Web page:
The class-action mavens at San Francisco's Lieff, Cabraser, Heimann & Bernstein and New York's Anderson, Kill & Olick think they've found a federal cause of action to safeguard every adult male's right to a harder and longer-lasting erection.
Yes, the Viagra legal battles have begun.
In a suit filed in federal district court in New York two weeks ago against managed care provider Oxford Health Plans, the Lieff-Anderson legal team seeks injunctive relief, damages and -- of course -- attorneys fees to force Oxford to cover Viagra prescriptions for all impotent men in its plans (which the complaint estimates at more than 1 million). The novel suit contends that ERISA, the federal employment benefits statute, strips insurers of discretion to limit or restrict Viagra coverage in any way.
If ever there were a case proving that national health policy should NOT be made through litigation, this is it.
Whether health insurance should pay for Viagra -- and if so, how much -- is a complicated question. Why? Because Viagra, while effective in treating a bona fide medical disorder, also improves the sexual performance and satisfaction of people who are more or less normal. It is one of a handful of new medical technologies (the baldness medication Propecia is another) that are valued in the marketplace because they make consumers feel good -- more virile perhaps, or younger looking, or more sexually satisfied.
No one doubts that Viagra is appropriate for men who suffer from total impotence -- typically caused by an organic disorder such as diabetes or prostate trouble. For these patients insurance should cover Viagra just as it would cover treatment of the underlying disorder. But, let's face it, there are many more men who suffer from lesser degrees of impotence -- or none at all -- who nonetheless want to use Viagra because they believe it will enable them to have a firmer and longer-lasting erection. Nothing wrong with that -- provided, that is, that they pay for the Viagra pills out of their own pockets.
There's no basis for charging the cost of chemically induced better sex to one's HMO. Better sex might be part of the American dream, but it's not a legal entitlement. Not yet, anyway. Contrary to the Lieff-Anderson suit, there is no federal right to have the sexual responsiveness of an 18-year-old in perpetuity.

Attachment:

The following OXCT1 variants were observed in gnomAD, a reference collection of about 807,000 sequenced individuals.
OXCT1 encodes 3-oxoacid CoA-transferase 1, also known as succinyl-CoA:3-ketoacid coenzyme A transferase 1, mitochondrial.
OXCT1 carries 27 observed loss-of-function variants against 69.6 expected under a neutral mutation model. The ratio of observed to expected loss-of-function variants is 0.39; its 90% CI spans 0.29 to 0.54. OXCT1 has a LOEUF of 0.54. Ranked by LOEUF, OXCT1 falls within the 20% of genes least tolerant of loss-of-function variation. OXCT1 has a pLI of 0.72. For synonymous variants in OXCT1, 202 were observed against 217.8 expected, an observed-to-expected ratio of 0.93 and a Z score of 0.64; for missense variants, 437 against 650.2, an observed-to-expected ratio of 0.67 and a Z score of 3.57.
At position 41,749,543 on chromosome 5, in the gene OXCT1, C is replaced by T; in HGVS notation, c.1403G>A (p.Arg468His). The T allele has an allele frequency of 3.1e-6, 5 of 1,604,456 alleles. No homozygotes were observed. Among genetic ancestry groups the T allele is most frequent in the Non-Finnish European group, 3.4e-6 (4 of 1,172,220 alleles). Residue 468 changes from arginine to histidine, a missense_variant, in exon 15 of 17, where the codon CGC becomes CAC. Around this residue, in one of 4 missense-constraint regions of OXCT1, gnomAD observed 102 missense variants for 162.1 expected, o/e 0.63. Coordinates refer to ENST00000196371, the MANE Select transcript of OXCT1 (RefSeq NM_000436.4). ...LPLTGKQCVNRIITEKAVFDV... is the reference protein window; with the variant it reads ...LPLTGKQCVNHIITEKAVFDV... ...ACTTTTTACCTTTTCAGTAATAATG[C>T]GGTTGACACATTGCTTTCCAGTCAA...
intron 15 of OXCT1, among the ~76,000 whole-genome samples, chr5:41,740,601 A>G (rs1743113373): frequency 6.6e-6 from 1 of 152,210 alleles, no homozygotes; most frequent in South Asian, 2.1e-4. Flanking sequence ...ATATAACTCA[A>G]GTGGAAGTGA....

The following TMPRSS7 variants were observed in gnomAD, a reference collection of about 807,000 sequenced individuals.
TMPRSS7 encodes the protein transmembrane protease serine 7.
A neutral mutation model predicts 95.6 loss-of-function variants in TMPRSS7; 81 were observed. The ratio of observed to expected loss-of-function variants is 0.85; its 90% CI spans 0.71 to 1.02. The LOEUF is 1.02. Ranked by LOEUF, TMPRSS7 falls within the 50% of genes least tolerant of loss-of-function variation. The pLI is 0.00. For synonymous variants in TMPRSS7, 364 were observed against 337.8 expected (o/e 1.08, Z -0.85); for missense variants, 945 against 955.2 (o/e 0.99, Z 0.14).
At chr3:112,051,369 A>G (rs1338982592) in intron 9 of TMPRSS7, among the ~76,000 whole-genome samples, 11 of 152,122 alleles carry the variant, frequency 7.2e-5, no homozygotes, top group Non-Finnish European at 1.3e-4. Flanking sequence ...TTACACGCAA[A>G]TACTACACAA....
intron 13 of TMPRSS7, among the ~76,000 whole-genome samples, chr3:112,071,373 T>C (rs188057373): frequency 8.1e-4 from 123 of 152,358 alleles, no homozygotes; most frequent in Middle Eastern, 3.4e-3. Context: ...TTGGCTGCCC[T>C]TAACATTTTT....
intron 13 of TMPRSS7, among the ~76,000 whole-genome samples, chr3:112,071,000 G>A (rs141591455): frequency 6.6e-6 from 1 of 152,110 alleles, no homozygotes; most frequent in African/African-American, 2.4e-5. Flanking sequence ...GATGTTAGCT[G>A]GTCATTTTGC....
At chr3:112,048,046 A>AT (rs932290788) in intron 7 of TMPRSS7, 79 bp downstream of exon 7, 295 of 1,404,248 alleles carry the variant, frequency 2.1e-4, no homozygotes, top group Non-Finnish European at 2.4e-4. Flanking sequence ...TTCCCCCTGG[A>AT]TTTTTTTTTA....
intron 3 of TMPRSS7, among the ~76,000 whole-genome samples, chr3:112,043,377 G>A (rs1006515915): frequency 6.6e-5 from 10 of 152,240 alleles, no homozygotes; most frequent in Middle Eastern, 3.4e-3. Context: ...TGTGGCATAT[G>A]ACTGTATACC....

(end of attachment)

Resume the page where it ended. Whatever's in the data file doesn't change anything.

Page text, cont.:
Why are insurers concerned about Viagra? Not because they're greedy (although they are), but because they can't trust physicians to write prescriptions for Viagra only when medically indicated. Patients demand that their doctors prescribe Viagra, and many doctors are obliging them -- which accounts for the fact that Viagra prescriptions are currently being written at a rate of 278,000 per week.
Insurers also know that if they reduce Viagra's cost to consumers -- which, obviously, is the practical effect of treating it as a covered health-plan expense -- consumers will use too much. And at $10 a pill, overutilization on a broad scale will raise insurance costs, forcing insurers to raise premiums (and co-payments or deductibles) or reduce other, more medically necessary health coverage.
What are the health plans doing to restrict utilization? Some have said they will cover Viagra, but only if the patient is diagnosed as having organic, as opposed to psychologically caused, impotence (Cigna Healthcare and Blue Cross of California). Others decline to pay for Viagra currently, but are weighing coverage policies that will be announced in the next two months (Aetna, Prudential and Oxford). And all insurers that cover Viagra restrict coverage to a specified number of pills per month (typically six or seven).
The Lieff-Anderson lawyers say that all restrictions on Viagra coverage are illegal because they violate the fiduciary duty that ERISA imposes on insurers. Under this view, if a physician writes a prescription for Viagra, the insurer must cover it -- no questions asked. According to Anderson Kill's Steven Cooper, an insurer's denial or restriction of Viagra prescriptions amounts to "regulation of sexuality."
But that's absurd. By limiting Viagra prescriptions, insurers aren't regulating sexuality -- after all, the disappointed consumer can still buy the drug with his own money -- they're just declining to subsidize sexuality. The better legal argument is that ERISA's fiduciary duty, far from barring restrictions on coverage, actually requires insurers to take reasonable measures to guard against overutilization of covered treatments.
An old joke has it that man was created with the ability to think and to have an erection -- but with only enough blood to perform one of these functions at a time. Apparently, the Lieff-Anderson lawyers were quite excited when they drafted their Viagra suit.